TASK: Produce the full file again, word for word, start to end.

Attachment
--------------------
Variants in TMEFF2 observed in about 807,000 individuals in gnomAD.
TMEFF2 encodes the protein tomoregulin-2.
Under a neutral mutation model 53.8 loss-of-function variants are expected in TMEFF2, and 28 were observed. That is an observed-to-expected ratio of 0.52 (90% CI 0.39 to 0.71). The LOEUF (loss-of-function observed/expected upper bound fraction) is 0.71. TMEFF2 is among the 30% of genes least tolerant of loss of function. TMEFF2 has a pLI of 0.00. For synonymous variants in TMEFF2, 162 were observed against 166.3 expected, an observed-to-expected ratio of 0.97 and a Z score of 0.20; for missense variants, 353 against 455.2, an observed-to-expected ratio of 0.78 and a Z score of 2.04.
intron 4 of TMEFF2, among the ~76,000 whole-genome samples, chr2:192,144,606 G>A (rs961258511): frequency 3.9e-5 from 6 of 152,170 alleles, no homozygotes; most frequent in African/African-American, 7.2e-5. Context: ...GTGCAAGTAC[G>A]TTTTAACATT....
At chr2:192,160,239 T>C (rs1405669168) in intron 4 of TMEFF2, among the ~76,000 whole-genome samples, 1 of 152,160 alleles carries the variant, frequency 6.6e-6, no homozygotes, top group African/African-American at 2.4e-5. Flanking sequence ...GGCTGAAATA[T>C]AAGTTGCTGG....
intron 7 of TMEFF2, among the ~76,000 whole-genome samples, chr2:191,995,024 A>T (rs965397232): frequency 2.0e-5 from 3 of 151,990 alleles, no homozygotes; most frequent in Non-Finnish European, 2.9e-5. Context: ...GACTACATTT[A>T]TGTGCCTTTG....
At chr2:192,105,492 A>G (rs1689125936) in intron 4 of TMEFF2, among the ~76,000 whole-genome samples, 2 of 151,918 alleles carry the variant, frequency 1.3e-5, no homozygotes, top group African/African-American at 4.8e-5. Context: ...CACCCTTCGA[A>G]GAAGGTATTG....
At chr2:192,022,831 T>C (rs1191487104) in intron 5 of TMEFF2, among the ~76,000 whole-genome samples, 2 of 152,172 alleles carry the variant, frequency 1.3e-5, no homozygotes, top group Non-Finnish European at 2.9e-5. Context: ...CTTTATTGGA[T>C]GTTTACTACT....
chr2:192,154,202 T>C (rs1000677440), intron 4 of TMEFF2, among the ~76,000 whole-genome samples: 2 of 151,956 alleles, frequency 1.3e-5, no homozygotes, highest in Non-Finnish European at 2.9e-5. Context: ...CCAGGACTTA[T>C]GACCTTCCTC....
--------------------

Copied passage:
Variants in TMEFF2 observed in about 807,000 individuals in gnomAD.
TMEFF2 encodes the protein tomoregulin-2.
Under a neutral mutation model 53.8 loss-of-function variants are expected in TMEFF2, and 28 were observed. That is an observed-to-expected ratio of 0.52 (90% CI 0.39 to 0.71). The LOEUF (loss-of-function observed/expected upper bound fraction) is 0.71. TMEFF2 is among the 30% of genes least tolerant of loss of function. TMEFF2 has a pLI of 0.00. For synonymous variants in TMEFF2, 162 were observed against 166.3 expected, an observed-to-expected ratio of 0.97 and a Z score of 0.20; for missense variants, 353 against 455.2, an observed-to-expected ratio of 0.78 and a Z score of 2.04.
intron 4 of TMEFF2, among the ~76,000 whole-genome samples, chr2:192,144,606 G>A (rs961258511): frequency 3.9e-5 from 6 of 152,170 alleles, no homozygotes; most frequent in African/African-American, 7.2e-5. Context: ...GTGCAAGTAC[G>A]TTTTAACATT....
At chr2:192,160,239 T>C (rs1405669168) in intron 4 of TMEFF2, among the ~76,000 whole-genome samples, 1 of 152,160 alleles carries the variant, frequency 6.6e-6, no homozygotes, top group African/African-American at 2.4e-5. Flanking sequence ...GGCTGAAATA[T>C]AAGTTGCTGG....
intron 7 of TMEFF2, among the ~76,000 whole-genome samples, chr2:191,995,024 A>T (rs965397232): frequency 2.0e-5 from 3 of 151,990 alleles, no homozygotes; most frequent in Non-Finnish European, 2.9e-5. Context: ...GACTACATTT[A>T]TGTGCCTTTG....
At chr2:192,105,492 A>G (rs1689125936) in intron 4 of TMEFF2, among the ~76,000 whole-genome samples, 2 of 151,918 alleles carry the variant, frequency 1.3e-5, no homozygotes, top group African/African-American at 4.8e-5. Context: ...CACCCTTCGA[A>G]GAAGGTATTG....
At chr2:192,022,831 T>C (rs1191487104) in intron 5 of TMEFF2, among the ~76,000 whole-genome samples, 2 of 152,172 alleles carry the variant, frequency 1.3e-5, no homozygotes, top group Non-Finnish European at 2.9e-5. Context: ...CTTTATTGGA[T>C]GTTTACTACT....
chr2:192,154,202 T>C (rs1000677440), intron 4 of TMEFF2, among the ~76,000 whole-genome samples: 2 of 151,956 alleles, frequency 1.3e-5, no homozygotes, highest in Non-Finnish European at 2.9e-5. Context: ...CCAGGACTTA[T>C]GACCTTCCTC....